How to prevent holiday arguments

familyonholiday1You’ve done all the talking and negotiating in advance, you’ve agreed about what you want to do and what you don’t want to do, but no sooner have you slipped on your bikini or your snorkelling gear or your walking boots than it all goes belly-up with a more resounding splash than your first topple into the hotel pool.

When you are in an unfamiliar environment and separated from your comfort zone, you may react in unexpected ways.

Your body clock ticks to a different rhythm, the climate or weather can have unusual physical and mental effects.

Unrelenting proximity to others can affect you in surprising ways. The realisation that this is it for a week or a fortnight or a month can cause all your previous rational discussions to collapse into feelings of annoyance and irritation.

You don’t want conflict and quarrels to ruin your holiday. You can maintain harmony and ease difficulties by applying these suggestions.

Deal with the little things as they happen

Your holiday time is limited and precious, so when something flares up, or threatens to, sort it out straight away. If someone seems dissatisfied with an arrangement or a suggestion, acknowledge that you have noticed. You could play the ‘ignore it and it will go away’ card but that puts the ball in the other person’s court.

Use phrases such as

  • You don’t seem happy with that.

  • I think you don’t like that idea.

If you sense that someone needs more space, or more company, use phrases such as

  • What do you think about us all having an hour or two to ourselves this morning?

  • Are you happy going round the market/gallery/by yourself?

  • Would you like some company on the boat trip, or would you prefer to do your own thing?

If you feel yourself getting tired and tetchy, decide what would make you feel better, and let people know. There is no need to blame anyone else for your own feelings.

Use phrases such as

  • You know, I’ve had enough of the beach for a bit. I’m going for a walk along the front.

  • I’m going for an hour’s rest.

  • I don’t know about you, but I’m starving. Let’s get a sandwich at that bar.

Don’t store up complaints until you get home in the mistaken idea that saying something will spoil things for everyone. If, on your return, someone says, ‘I didn’t want to say anything at the time but I would have liked at least another evening at the casino/I don’t think the room allocation was fair/the restaurants were too expensive,’ your feelings about the holiday are soured and you wish they had made their feelings known before it was too late.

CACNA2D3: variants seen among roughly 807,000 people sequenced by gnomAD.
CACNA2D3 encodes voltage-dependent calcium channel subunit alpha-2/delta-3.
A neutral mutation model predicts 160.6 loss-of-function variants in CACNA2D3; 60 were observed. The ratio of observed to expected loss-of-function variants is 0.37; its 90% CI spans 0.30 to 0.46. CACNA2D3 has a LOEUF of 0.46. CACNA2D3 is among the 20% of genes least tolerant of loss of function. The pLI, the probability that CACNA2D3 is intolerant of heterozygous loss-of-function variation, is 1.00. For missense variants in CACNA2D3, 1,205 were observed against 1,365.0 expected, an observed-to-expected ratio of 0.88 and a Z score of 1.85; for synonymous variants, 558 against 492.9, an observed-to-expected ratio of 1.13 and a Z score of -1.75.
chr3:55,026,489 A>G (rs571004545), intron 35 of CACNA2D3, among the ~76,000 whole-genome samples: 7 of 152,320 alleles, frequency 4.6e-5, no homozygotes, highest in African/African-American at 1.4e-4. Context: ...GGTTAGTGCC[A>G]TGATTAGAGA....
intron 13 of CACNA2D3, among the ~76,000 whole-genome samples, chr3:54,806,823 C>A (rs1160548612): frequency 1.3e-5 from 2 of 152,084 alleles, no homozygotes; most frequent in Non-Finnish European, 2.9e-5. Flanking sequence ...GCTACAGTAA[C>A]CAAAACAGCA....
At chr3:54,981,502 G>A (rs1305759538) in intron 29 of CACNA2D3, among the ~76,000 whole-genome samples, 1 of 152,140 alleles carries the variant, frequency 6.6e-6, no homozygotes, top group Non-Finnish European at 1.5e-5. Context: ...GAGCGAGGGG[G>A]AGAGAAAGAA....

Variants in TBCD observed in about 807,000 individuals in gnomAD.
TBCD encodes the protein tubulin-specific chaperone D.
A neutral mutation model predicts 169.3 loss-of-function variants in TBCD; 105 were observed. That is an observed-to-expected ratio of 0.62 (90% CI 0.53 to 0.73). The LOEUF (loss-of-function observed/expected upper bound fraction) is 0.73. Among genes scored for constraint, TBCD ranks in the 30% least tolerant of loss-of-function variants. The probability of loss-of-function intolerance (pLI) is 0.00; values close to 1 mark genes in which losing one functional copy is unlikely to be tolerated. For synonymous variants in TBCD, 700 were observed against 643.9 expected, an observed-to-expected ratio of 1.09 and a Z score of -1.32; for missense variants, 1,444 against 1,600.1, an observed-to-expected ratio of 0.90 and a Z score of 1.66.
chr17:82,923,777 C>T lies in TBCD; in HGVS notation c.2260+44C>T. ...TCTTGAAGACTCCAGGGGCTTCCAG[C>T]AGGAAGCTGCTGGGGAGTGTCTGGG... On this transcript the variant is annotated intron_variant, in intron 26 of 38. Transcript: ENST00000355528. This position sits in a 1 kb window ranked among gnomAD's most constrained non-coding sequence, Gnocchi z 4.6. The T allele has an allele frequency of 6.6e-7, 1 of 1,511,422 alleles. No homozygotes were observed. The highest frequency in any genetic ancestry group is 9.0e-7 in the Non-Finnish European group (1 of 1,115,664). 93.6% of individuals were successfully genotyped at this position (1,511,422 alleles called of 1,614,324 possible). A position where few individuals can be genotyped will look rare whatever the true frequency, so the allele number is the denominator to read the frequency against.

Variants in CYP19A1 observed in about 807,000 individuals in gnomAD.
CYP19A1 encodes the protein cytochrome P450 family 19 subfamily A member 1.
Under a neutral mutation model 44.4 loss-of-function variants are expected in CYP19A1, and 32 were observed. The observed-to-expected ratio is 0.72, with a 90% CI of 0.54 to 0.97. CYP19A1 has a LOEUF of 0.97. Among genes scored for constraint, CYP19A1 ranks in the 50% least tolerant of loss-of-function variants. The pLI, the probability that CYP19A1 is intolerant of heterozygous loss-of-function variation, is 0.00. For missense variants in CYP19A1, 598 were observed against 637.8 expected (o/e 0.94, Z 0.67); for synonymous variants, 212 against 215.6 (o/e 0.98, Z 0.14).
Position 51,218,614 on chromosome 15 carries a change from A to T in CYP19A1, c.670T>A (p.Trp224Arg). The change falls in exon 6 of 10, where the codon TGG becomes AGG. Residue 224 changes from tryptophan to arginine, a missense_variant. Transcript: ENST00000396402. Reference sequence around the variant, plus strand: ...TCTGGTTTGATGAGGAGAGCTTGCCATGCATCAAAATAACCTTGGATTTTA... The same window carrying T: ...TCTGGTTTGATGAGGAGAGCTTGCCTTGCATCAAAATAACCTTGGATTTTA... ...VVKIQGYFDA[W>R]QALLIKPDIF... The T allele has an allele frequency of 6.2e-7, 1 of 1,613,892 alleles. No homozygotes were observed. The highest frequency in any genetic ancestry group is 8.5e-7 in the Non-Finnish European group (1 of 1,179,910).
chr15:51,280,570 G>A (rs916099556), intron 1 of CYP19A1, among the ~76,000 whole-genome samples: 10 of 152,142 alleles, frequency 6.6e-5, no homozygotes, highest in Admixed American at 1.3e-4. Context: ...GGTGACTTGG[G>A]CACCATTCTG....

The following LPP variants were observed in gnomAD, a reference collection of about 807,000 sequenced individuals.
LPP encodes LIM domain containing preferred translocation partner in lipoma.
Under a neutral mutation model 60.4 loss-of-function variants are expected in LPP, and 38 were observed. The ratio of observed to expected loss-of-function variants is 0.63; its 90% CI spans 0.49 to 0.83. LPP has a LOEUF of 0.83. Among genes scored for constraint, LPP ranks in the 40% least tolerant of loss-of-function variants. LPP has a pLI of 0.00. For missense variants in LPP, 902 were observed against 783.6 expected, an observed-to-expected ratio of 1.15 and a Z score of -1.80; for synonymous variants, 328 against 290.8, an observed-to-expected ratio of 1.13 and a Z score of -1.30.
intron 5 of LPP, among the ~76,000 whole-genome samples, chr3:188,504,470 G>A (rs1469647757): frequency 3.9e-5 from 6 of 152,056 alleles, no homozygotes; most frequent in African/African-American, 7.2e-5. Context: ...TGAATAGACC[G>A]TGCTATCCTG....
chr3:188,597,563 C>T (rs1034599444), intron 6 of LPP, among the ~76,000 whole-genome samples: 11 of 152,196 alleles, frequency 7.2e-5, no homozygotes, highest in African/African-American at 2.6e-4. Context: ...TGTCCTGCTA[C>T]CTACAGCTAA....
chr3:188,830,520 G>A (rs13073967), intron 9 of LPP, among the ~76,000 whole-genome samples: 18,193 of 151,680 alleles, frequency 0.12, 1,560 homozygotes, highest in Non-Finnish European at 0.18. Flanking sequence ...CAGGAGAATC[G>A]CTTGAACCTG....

Stay in the present

Even though you may have made certain decisions and plans, if the situation changes, there’s no point in harping back. Deal with the situation you are faced with.

If everything is more expensive than you had anticipated, adjust your arrangements.

If you had planned to visit a certain attraction and find that it is closed for refurbishment, choose something else to do and don’t blame yourself or any of your party for the situation. If you had decided that you wouldn’t pal up with any other holidaymakers, but happen to meet people whose company you enjoy, don’t feel you have to stick to what you had said. Just check that everyone is happy with the arrangement. Treat your previous discussions and your hopes and plans as a framework, not a blueprint.

Ignore the bigger picture

The bigger picture is the context of your life outside the bubble that is your holiday. In that life, in your real world, the big things matter as much or as little as you want them to. On holiday, deal with only what happens in the bubble.

A holiday is probably not the best time to deal with the big issues in your life. It might affect the way that you see things, and time and space in a bubble may give you clarity and insight. These perceptions may be accurate; they may have been skewed by circumstances. It might be best not to share them there and then. Hold on to your thoughts and check them out when you return.

So when the tension rises because someone mislays keys or documents, or gets the opening hours wrong so that you miss an event, ignore the big picture of ‘this is typical and I’m sick and tired of your unreliability’. Bringing real life into into the bubble situation is only going to make things worse. If you feel that someone is behaving selfishly, reinforcing this feeling with examples from real life of their selfish behaviour is only going to fuel your annoyance. Stick to the specific, small example and either address it or deal with your feelings about it.

There might be no cure for the summertime blues, but paying a little attention to how you communicate will help to keep the lazy, hazy, crazy days of summer holidays harmonious and enjoyable.

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